Praying in Frisco Schools

Brian Brady Brian Brady 4 Comments

Share

Leave in to San Francisco to bring things full circle.  Guess what educators discovered to be effective in public schools? David Kirp at the San Francisco Chronicle reports that prayer...I mean…quiet time, is working

Twice daily, a gong sounds in the classroom and rowdy adolescents, who normally can’t sit still for 10 seconds, shut their eyes and try to clear their minds. I’ve spent lots of time in urban schools and have never seen anything like it.

This practice – meditation rebranded – deserves serious attention from parents and policymakers. An impressive array of studies shows that integrating meditation into a school’s daily routine can markedly improve the lives of students. If San Francisco schools Superintendent Richard Carranza has his way, Quiet Time could well spread citywide.

What Frisco educators are recognizing is that humans have a spiritual side.  While it may be politically incorrect to ask the local  quarterback to talk about spiritual discipline, package it up with a slick entrepreneur and an All-Star pitcher, and you can find a way to let the students pray to whomever they choose.

That’s fine in my book.  Prayer in school works, be it TM in Frisco, Yoga in Encinitas, kneeling towards Mecca at Carver Elementary,  or Bible study in Murrietta.   Look at the results reported in the article:

Now these students are doing light-years better. In the first year of Quiet Time, the number of suspensions fell by 45 percent. Within four years, the suspension rate was among the lowest in the city. Daily attendance rates climbed to 98 percent, well above the citywide average. Grade point averages improved markedly. About 20 percent of graduates are admitted to Lowell High School – before Quiet Time, getting any students into this elite high school was a rarity. Remarkably, in the annual California Healthy Kids Survey, these middle school youngsters recorded the highest happiness levels in San Francisco.

Quiet Time is a great idea. Acknowledging a spiritual power, be it the Divine or from within, is the first step towards religious freedom in the public schools.  It might not be a bad idea to let some clerics lead “quiet time” alongside the entrepreneurs.  Let’s hope this trend catches fire.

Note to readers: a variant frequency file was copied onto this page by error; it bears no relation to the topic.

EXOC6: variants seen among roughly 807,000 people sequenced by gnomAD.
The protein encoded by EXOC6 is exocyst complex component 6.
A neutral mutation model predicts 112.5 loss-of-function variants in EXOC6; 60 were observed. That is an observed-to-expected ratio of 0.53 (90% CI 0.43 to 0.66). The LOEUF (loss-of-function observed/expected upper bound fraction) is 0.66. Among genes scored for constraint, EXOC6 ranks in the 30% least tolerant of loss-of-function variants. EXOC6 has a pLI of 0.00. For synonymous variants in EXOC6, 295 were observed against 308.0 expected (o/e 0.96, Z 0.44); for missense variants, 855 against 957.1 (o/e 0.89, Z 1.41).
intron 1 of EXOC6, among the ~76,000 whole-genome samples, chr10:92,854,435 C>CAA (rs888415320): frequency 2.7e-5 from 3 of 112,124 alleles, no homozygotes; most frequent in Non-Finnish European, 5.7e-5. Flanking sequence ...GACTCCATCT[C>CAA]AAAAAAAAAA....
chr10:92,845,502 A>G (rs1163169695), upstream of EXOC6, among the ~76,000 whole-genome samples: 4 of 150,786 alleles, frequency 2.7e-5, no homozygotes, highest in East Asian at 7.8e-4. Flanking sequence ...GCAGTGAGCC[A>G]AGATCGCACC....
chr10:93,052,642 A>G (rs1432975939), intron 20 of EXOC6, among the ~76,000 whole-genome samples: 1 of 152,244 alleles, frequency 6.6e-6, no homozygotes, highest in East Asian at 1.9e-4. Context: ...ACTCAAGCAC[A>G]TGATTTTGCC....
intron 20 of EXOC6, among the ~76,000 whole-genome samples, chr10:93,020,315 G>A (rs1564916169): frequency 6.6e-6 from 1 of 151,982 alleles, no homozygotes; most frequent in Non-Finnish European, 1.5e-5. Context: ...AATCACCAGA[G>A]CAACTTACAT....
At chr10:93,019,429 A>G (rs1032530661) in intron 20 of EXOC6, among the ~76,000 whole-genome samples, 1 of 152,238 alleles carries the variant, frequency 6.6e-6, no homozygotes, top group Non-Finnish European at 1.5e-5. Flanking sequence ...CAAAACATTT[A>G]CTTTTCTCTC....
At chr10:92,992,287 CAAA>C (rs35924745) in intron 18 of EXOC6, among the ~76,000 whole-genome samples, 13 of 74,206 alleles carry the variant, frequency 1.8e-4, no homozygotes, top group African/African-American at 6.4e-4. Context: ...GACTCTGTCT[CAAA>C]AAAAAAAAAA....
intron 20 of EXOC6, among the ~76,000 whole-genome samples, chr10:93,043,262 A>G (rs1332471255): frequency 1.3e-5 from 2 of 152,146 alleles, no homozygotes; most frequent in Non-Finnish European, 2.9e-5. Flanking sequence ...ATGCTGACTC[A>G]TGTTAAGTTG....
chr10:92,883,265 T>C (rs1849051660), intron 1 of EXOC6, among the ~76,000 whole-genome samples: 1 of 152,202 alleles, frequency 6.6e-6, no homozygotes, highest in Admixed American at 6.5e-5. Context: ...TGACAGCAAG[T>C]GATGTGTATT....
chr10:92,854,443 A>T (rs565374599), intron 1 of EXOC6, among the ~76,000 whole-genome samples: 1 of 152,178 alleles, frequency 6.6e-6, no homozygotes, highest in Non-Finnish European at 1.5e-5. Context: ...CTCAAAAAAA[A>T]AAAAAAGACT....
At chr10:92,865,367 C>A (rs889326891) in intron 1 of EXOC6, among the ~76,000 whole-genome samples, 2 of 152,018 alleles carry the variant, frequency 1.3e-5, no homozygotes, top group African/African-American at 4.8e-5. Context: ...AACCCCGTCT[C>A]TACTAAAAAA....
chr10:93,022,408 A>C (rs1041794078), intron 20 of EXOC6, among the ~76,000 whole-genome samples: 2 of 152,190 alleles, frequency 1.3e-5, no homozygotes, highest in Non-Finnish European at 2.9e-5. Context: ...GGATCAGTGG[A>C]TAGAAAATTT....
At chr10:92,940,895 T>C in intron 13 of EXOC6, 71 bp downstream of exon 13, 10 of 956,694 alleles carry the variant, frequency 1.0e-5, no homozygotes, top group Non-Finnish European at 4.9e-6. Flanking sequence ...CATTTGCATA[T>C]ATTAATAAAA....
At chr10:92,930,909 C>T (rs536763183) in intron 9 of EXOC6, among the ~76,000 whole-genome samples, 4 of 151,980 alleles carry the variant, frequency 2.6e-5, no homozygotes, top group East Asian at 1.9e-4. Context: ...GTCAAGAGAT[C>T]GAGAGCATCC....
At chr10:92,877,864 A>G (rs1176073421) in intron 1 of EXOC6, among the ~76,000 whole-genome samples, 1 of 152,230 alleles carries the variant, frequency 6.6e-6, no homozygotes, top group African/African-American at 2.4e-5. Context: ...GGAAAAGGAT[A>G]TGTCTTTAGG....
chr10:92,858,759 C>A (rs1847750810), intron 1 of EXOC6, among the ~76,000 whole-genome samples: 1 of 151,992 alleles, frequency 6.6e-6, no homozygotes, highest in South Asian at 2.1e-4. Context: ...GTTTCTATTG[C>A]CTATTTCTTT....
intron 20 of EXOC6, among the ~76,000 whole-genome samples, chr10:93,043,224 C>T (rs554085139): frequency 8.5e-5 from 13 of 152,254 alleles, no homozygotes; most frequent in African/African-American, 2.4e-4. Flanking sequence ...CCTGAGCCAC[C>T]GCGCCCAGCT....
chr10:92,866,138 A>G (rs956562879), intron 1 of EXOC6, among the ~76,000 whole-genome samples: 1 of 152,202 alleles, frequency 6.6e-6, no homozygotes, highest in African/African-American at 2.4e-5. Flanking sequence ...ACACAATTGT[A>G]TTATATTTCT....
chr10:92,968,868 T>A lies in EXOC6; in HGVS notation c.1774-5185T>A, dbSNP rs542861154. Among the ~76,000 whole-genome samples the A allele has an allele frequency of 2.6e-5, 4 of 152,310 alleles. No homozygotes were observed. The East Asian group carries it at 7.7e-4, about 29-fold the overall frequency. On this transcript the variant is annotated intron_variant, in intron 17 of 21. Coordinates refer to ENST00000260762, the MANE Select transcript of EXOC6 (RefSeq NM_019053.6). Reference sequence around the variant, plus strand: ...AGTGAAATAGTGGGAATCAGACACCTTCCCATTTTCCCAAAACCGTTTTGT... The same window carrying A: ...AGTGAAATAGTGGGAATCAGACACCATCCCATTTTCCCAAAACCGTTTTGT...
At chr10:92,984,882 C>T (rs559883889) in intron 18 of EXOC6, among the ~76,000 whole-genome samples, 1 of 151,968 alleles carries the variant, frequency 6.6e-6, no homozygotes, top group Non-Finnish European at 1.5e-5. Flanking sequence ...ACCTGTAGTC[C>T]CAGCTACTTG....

Share

Comments 4

  1. Brian,

    I read that article, but I missed any mention of “prayer” or of “acknowledging a spiritual power.” I didn’t even read mention of anyone leading the students in quiet time. In fact, I don’t think I read anywhere that the students were told what to be think about during quiet time. Maybe that is why it works.

  2. Post
    Author

    “I don’t think I read anywhere that the students were told what to be think about during quiet time. Maybe that is why it works.”

    I won’t disagree with that HQ but I will state that when Christians asked for “quiet time” to pray, schools (and courts) have misinterpreted Engel v Vitale,

    Clearly, a case was made under the Establishment Clause that a state-sponsored school couldn’t “sponsor” a specific creed. Fair enough. But in Wallace v Jaffree, SCOTUS specifically outlawed a moment of silence for prayer OR meditation. If you read Rehnquist and Berger’s dissent to Wallace v Jaffree, they say pretty much what you said above.

    Will this be challenged like the Yoga classes in Encinitas were? Maybe but I think that would be the wrong approach. Rather Christians and Muslims should use this opportunity to say their prayers.

    I”ll bet if one child makes the sign of the cross or kneels towards Mecca during the “quiet time”, he will be disciplined for NOT practicing TM which, when and if it does happen, will refute what you (and I) believe.

    I find the whole thing fascinating because, when David Lynch promotes what Christians have been saying for decades now, it is somehow “acceptable” (and even proven to have a positive effect). This is one thing I intend to follow closely

  3. “Christians asked for “quiet time” to pray” “…outlawed a moment of silence for prayer OR meditation.” The problem is when time is taken out of the day specifically for prayer. I think that as long as no one specifies what each individual student needs to do during the quiet time, there should be no legal problem.

    As for prayer in school, I don’t know many students who went through finals week without saying a prayer or two. But again, this was a choice, not a requirement or even a suggestion.

  4. Post
    Author

    “The problem is when time is taken out of the day specifically for prayer.”

    That’s essentially what this school is doing twice each day.

    ” I think that as long as no one specifies what each individual student needs to do during the quiet time, there should be no legal problem. ”

    Agreed.

Leave a Reply

Your email address will not be published. Required fields are marked *

This site uses Akismet to reduce spam. Learn how your comment data is processed.